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  1. #1
    Join Date
    Jul 2010

    Default Insulating walls without an exterior vapor barrierr

    I have a 1930s seasonal camp in Limington, Maine. Open studs on interior walls. Cedar clapboard exterior siding over T&G pine sheathing. No paper (or other vapor barrier) between exterior siding and sheathing. Siding and sheathing in good condition. Want to insulate exterior walls to extend seasonal use of camp - but concerned about lack of vapor barrier. Is it safe to install paper-faced fiberglas insulation on the exterior walls to be later covered with pine paneling? Thanks for any advice you can provide.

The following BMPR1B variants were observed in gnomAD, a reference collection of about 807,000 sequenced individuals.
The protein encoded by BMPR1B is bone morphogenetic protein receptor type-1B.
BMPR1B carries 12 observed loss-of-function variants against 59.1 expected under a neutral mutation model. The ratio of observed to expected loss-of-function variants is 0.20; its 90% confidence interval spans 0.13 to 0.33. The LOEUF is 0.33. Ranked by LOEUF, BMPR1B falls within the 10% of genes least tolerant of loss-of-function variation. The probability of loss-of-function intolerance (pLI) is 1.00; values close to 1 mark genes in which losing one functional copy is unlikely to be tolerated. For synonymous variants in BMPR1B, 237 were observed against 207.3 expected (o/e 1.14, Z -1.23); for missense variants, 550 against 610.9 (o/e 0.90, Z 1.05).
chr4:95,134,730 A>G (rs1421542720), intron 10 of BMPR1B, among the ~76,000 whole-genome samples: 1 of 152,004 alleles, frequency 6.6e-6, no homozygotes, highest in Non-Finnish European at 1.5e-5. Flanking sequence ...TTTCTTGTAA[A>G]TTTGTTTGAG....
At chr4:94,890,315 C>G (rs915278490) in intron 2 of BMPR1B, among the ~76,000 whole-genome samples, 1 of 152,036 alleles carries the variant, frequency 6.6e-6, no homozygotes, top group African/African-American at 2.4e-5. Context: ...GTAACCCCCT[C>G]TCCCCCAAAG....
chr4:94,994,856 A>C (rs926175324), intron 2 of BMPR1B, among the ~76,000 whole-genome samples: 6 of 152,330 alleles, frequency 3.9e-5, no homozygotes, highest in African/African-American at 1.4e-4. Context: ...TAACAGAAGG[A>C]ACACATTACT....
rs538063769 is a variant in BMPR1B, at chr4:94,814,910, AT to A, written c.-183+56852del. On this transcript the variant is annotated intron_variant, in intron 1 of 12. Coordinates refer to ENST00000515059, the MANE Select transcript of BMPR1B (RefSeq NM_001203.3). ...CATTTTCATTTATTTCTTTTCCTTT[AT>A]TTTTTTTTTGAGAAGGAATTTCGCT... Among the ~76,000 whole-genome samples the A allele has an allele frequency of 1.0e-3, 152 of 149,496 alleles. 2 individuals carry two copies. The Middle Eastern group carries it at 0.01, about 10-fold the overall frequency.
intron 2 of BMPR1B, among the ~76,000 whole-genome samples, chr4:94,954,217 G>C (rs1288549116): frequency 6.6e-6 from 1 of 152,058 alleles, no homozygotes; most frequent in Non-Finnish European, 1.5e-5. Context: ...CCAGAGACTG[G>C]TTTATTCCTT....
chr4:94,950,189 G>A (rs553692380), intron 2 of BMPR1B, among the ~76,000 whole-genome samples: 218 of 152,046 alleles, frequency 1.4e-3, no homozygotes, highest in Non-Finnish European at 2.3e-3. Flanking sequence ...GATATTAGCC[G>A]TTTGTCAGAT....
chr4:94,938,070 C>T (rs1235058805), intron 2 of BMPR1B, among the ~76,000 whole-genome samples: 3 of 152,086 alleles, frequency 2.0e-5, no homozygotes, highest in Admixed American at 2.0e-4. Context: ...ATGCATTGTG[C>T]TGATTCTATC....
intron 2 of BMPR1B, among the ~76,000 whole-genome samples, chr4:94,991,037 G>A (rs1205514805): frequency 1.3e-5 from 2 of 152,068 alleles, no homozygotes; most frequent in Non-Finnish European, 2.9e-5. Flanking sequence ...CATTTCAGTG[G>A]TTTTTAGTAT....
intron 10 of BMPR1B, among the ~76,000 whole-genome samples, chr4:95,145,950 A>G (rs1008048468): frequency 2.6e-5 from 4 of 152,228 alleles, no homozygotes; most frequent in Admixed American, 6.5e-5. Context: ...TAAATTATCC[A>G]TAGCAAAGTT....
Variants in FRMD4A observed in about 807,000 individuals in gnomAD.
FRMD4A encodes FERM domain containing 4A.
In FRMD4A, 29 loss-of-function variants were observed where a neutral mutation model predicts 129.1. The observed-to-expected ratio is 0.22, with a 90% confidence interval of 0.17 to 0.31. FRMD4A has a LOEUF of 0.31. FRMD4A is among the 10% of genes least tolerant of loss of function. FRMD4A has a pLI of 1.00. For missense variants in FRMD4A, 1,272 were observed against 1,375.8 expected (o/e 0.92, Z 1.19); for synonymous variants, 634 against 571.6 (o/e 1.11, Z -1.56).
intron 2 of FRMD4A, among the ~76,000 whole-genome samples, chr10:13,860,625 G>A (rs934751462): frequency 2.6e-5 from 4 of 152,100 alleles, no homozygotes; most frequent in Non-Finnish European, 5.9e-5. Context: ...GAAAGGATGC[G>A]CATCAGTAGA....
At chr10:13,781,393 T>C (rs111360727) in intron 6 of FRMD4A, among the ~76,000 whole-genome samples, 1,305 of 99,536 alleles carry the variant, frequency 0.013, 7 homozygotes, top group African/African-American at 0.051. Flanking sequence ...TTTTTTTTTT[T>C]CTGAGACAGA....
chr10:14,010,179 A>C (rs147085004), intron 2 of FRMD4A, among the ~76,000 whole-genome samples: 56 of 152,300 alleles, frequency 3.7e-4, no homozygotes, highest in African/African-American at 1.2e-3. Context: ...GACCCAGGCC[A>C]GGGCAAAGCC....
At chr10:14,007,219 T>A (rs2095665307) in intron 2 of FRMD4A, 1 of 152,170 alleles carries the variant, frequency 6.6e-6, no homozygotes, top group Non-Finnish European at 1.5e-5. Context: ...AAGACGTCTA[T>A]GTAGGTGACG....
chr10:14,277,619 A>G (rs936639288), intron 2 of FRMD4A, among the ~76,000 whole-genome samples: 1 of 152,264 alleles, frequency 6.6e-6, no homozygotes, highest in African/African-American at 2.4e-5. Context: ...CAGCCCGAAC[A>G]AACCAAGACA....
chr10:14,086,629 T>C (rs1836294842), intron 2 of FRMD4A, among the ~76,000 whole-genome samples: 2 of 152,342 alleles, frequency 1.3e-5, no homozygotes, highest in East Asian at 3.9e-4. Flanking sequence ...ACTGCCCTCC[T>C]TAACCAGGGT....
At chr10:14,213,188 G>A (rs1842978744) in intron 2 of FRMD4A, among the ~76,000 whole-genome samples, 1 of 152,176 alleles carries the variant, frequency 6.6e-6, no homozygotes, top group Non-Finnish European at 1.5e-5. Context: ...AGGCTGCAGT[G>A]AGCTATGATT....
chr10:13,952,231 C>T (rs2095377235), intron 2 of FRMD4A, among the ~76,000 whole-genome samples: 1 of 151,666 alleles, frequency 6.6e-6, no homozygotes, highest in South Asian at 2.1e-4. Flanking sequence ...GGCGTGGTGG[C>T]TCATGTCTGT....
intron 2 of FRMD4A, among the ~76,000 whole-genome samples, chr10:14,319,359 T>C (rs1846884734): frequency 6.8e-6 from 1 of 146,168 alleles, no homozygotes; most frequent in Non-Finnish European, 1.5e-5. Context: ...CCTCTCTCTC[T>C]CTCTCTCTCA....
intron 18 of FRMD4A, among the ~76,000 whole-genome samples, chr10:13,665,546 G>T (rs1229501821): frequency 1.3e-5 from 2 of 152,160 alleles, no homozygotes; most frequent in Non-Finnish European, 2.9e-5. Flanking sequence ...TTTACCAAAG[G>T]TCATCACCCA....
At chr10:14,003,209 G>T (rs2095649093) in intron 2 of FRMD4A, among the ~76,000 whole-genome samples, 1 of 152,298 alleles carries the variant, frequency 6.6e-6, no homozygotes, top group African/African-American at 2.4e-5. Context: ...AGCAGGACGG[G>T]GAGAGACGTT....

2. #2
    Join Date
    Aug 2007
    Portland, Oregon, formerly of Chicago

    Default Re: Insulating walls without an exterior vapor barrierr

    In cold weather climates, the vapor barrier is put directly behind the interior drywall or sheathing. The idea is to keep interior generated water vapor from being able to enter the wall cavity. a vapor barrier on the back side of the exterior sheathing would have the effect of trapping moisture in the wall cavity.

    The best vapor barrier would be heavy plastic directly behind the drywall or paneling, with an absolute minimum of holes in it for such things as electrical outlets. All the seams in the plastic vapor barrier should be taped securely.

    As your house is only used intermittantly, I think that the simple kraft paper type vapor barrier over fiberglass would generally be sufficient. You might want to use the plastic in high humidity areas such as in the baths or kitchen.

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